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There is a university that exists where everyone says hi to each other. They greet one another with a warm embrace, arms outstretched and welcoming. Most of the time, the hugs aren’t hollow. Everyone eats together. They live together. Community is more than a euphemism. Apartness is elided.
Where does this university exist? Not here, certainly. It is clear that our University is not this university.
But it could be.
At least for this PPE concert, considering context has inevitably opened up the question of purpose: Why was I so resistant to adapting my piece? I hesitated because I had not anticipated these changes, and because they went against much of what I had learned as a soloist. But this is the Pianists Ensemble, and I do not walk onto the stage as a soloist.
Although the clinic is open 24 hours a day, emergency contraception is only available during business hours, when a doctor or nurse trained in sexual healthcare is available. To obtain emergency contraception, one has to endure a conversation with a nurse or doctor about safe sex. When one is so vulnerable regarding their sexual activity, having to speak with a relative stranger at length about it only makes an already uncomfortable situation worse.
For the past two Mondays, gaggles of elated high school seniors have been wandering around campus with their bright-orange folders for Princeton Preview. Despite the myriad activities — ranging from a cappella shows to public lectures — Preview is missing a significant aspect of Princeton which no prospective student should leave without knowing about.
The Princeton University Board Plan Review Committee has been reviewing dining hall options for the past two years, and this week released a memo detailing possible changes for both under and upperclassmen. Although well-intentioned, this proposal seems to place more limitations on students rather than facilitating student’s growth towards making healthy decisions for themselves.
Native English speaker or not, you have an accent. So does the girl sitting next you, and so do I. We all vocalize our thoughts with different rhythms, intonations, percussiveness, and inflections. Even within the United States, people speak English differently. Despite this natural tendency, we are keen to point out the “accents” of those who speak differently from how we do.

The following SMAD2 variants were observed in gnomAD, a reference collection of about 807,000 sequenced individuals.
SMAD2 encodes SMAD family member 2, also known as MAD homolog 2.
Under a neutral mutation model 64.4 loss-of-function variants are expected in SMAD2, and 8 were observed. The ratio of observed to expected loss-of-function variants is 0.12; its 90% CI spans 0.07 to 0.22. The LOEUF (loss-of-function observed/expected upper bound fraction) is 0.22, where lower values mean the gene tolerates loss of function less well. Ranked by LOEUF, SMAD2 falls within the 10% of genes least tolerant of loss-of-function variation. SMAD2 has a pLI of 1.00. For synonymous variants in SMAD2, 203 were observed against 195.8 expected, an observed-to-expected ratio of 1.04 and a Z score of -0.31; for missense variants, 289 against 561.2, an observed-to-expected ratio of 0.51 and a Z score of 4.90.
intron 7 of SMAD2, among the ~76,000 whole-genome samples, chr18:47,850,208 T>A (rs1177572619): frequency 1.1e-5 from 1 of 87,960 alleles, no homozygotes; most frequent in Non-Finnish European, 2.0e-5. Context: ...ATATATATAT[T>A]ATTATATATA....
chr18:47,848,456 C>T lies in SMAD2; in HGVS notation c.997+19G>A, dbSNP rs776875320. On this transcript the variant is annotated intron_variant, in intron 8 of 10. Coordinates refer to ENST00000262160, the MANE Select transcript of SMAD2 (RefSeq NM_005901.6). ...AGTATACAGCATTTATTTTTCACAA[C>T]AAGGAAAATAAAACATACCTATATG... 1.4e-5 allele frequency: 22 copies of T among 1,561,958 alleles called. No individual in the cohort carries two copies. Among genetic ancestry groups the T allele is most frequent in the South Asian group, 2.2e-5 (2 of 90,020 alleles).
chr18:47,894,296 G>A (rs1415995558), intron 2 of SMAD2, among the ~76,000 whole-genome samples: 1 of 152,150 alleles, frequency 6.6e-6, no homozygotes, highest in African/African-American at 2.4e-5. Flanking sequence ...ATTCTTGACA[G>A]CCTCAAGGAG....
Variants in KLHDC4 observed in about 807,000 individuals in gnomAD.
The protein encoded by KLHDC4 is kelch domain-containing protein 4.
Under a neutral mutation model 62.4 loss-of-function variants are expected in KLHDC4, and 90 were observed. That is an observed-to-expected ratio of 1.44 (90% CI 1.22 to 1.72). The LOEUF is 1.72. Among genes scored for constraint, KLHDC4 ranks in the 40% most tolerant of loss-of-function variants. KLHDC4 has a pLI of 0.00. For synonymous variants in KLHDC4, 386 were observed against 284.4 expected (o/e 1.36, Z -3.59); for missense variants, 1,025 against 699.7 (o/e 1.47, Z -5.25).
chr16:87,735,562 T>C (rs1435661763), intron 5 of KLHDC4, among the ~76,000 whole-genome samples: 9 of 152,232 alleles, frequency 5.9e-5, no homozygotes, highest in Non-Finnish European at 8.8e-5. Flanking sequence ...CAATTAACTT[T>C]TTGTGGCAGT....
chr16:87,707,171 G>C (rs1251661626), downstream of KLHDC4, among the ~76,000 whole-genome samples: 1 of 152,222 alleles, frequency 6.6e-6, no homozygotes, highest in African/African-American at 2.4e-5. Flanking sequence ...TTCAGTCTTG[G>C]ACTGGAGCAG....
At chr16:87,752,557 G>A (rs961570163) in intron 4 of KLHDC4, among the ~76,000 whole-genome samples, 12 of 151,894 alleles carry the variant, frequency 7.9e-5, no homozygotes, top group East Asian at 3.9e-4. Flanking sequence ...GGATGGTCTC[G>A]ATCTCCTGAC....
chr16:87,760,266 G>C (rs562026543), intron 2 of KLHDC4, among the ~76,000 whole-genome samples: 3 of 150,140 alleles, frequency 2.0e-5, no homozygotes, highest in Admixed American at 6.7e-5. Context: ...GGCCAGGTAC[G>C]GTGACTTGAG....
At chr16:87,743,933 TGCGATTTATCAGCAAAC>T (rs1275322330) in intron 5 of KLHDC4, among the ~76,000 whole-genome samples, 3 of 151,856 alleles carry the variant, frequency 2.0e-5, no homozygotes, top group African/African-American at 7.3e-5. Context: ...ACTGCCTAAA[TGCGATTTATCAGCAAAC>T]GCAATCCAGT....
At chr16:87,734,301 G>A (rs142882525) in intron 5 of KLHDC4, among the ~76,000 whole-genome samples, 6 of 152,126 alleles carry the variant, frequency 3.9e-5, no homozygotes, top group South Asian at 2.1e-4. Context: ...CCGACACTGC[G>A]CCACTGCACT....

As we enter room draw and draw times are released, many will find that their draw time(s) are at inconvenient hours, specifically from 9 a.m. through 7 p.m. on weekdays. During these hours, most students will either be in lecture, lab, precept, or another prior commitment, creating a high likelihood of conflict. Many students feel forced to get proxies to cover for them during their draw time, which can be inconvenient and stressful. This nuisance can be prevented through simple policy changes.
I believe that the mere potential for this process to take place will encourage the Committee leadership to think more critically about its behavior and professionalism. This referendum would help remedy an Honor Committee in desperate need of transparency and accountability, so I strongly encourage you to vote YES.
My phone-typed response soon had the length of an essay, and I’m sharing part of that here. As an engineering major focused on sustainable design, and a health-focused individual who treasures the interpersonal warmth of a great meal, I’ve long taken issue with the required meal plans at this university. The forced predetermination of one’s food and eating place is incomprehensible to my friends and family, in Germany and across the globe.